Thursday, June 4, 2015

Focus on Acquisitions at The Durban Art Gallery

A major function of galleries worldwide is to acquire works of art for their permanent collections. At the Durban Art Gallery the present focus is on collecting artworks mainly by contemporary Durban artists whose work reflects topical issues, locally or globally. In this way these works are relevant to the very society the gallery serves.

Mdu Xakaza, Director of the Durban Art Gallery, writes:
The Durban Art Gallery pays great attention to promising work by young emerging artists in and around Durban. Artists include Mthobisi Maphumulo, Wonder Mbambo and Sthenjwa Luthuli. 

Should their work prove to be of consistently high artistic standard, the Gallery would consider acquiring it for the collection. Recently the Gallery purchased a painting by the young Durban artist, Xolile Mazibuko, who is based at the BAT Centre, off Durban’s CBD. This artist is a member of the Shembe Church, also known as the Nazareth Baptist Church. She explores the Shembe Church and other elements associated with it as the main theme in her paintings. 
Mhlonishwa Chiliza and Zinhle Khumalo are two artists who graduated from formal art institutions in Durban. As with work by other young up-and-coming artists the Gallery must constantly view the work by all these emerging artists to ensure that they continue to produce work of a standard suitable for being included in the permanent collection.
Once works by these and other artists enter our collection we use them to engage the public in various educational programmes. These include seminars, public walkabouts, and art exhibitions arranged so as to focus on the school curriculum The Gallery places great emphasis on the educational needs of scholars in Grades 10 to 12, in particular.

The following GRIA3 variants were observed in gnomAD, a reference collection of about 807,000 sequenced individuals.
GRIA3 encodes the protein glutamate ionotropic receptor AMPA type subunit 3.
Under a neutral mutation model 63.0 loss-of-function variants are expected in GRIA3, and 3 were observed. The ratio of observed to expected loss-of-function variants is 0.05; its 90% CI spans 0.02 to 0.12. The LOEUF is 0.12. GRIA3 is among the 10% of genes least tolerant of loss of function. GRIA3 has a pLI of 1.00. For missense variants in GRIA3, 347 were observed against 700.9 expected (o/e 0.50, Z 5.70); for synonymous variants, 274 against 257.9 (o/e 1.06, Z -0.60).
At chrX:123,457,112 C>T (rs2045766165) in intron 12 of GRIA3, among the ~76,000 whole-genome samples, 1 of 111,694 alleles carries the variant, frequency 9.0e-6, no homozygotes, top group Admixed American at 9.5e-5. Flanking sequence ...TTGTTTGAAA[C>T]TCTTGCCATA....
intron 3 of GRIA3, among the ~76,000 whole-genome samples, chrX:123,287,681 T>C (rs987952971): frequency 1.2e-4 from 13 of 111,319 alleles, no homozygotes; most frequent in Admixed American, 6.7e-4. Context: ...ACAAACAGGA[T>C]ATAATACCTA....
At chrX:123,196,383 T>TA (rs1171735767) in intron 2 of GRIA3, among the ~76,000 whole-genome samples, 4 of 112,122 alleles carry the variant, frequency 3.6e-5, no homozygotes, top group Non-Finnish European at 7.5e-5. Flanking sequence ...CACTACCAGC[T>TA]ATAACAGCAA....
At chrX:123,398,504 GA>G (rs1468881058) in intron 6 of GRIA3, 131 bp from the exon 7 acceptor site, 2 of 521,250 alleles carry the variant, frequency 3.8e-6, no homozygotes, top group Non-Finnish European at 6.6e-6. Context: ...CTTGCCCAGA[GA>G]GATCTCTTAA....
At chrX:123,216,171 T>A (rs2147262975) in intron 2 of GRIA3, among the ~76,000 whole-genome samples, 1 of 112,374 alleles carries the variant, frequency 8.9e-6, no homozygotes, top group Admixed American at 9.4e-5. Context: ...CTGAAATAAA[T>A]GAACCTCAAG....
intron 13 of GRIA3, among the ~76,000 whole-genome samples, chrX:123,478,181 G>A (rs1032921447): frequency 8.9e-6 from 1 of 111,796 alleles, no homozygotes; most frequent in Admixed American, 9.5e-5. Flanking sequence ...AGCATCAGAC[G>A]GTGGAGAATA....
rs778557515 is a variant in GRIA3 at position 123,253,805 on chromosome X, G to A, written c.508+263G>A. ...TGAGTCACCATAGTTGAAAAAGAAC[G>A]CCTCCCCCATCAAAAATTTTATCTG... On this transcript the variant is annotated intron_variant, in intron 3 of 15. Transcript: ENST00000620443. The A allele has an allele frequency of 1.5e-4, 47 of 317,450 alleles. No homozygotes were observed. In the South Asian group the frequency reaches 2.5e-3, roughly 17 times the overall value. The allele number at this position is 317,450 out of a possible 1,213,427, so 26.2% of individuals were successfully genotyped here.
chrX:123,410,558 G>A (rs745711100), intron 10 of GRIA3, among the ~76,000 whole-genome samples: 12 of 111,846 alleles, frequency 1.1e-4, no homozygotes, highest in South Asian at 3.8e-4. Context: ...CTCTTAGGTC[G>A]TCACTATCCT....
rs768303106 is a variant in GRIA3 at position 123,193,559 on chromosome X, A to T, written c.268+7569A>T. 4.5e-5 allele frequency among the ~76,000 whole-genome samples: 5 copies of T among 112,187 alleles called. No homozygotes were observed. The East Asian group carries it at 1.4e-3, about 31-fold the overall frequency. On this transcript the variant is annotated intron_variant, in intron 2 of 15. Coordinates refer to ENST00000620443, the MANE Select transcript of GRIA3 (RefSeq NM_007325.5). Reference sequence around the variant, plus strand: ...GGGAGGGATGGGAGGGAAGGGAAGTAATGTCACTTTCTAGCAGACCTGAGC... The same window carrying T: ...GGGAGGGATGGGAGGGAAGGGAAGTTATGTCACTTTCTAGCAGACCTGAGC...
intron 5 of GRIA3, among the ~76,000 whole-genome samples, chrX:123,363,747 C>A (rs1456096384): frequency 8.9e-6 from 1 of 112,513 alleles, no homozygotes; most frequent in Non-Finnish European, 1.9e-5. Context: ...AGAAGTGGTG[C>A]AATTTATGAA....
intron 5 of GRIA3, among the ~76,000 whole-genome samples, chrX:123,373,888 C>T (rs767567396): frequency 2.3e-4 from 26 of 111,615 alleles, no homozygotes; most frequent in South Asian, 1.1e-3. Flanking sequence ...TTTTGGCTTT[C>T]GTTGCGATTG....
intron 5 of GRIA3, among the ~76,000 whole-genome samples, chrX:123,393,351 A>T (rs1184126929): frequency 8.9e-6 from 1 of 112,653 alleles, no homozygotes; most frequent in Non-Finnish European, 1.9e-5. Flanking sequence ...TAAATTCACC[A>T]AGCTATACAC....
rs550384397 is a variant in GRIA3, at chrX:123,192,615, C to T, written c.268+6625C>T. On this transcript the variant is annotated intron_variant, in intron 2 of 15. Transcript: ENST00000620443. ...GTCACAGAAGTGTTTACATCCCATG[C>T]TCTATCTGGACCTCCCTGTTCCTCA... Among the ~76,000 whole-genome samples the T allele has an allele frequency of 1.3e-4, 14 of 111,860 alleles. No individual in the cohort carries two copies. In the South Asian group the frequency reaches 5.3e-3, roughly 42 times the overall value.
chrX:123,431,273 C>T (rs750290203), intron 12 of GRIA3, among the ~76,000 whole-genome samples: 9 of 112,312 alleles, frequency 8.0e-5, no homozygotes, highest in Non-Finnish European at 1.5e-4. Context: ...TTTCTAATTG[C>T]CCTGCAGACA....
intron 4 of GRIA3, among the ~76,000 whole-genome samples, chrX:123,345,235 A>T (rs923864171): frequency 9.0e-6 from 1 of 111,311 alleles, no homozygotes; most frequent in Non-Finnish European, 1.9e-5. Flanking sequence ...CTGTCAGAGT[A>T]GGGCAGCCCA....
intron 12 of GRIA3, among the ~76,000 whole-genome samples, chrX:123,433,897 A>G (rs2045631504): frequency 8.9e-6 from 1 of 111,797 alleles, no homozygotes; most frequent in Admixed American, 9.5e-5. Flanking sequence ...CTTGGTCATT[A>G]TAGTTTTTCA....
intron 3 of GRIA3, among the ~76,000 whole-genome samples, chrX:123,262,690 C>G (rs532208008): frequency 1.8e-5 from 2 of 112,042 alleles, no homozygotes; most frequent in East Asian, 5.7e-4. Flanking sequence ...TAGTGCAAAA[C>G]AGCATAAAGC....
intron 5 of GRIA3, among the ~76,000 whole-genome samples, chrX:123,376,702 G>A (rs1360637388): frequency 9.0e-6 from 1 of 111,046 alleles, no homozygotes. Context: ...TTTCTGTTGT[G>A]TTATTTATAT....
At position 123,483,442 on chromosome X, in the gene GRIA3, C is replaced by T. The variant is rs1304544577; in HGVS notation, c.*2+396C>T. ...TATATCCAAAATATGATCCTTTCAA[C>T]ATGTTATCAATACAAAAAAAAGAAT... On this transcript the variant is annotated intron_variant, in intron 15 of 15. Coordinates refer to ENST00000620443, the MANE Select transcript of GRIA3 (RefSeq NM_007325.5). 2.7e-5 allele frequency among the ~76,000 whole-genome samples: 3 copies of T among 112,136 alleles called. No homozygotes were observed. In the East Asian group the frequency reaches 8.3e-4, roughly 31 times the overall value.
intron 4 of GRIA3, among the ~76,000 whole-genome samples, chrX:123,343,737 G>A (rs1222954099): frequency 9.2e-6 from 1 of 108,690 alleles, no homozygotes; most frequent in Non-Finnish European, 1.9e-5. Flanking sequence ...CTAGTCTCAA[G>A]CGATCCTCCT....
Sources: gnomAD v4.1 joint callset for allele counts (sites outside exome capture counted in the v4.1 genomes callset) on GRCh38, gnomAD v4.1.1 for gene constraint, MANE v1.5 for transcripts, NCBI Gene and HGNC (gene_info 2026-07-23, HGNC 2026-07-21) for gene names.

The Durban Art Gallery receives funding once every financial year to be used solely for acquiring works of art for the permanent collection. Art galleries continually collect works for their permanent collections, but their holdings may never be regarded as being entirely ‘complete’ or up to date. 
The value of the Durban Art Gallery’s permanent collection - as with collections in other art museums – represents a considerable artistic investment for the City of Durban. . The emphasis is not on the monetary value of the collection: its value lies in being part of Durban’s heritage. . The educational value of the collection is equally significant. Indeed, perhaps the most important service that the Durban Art Gallery offers is education which empowers visitors and inspires them to contribute towards changing society for the better. The Durban Art Gallery’s collection is permanent and as such it belongs first and foremost to Durban, but also to people beyond this city. The most important aspect of the collection is its educational rather than its financial value.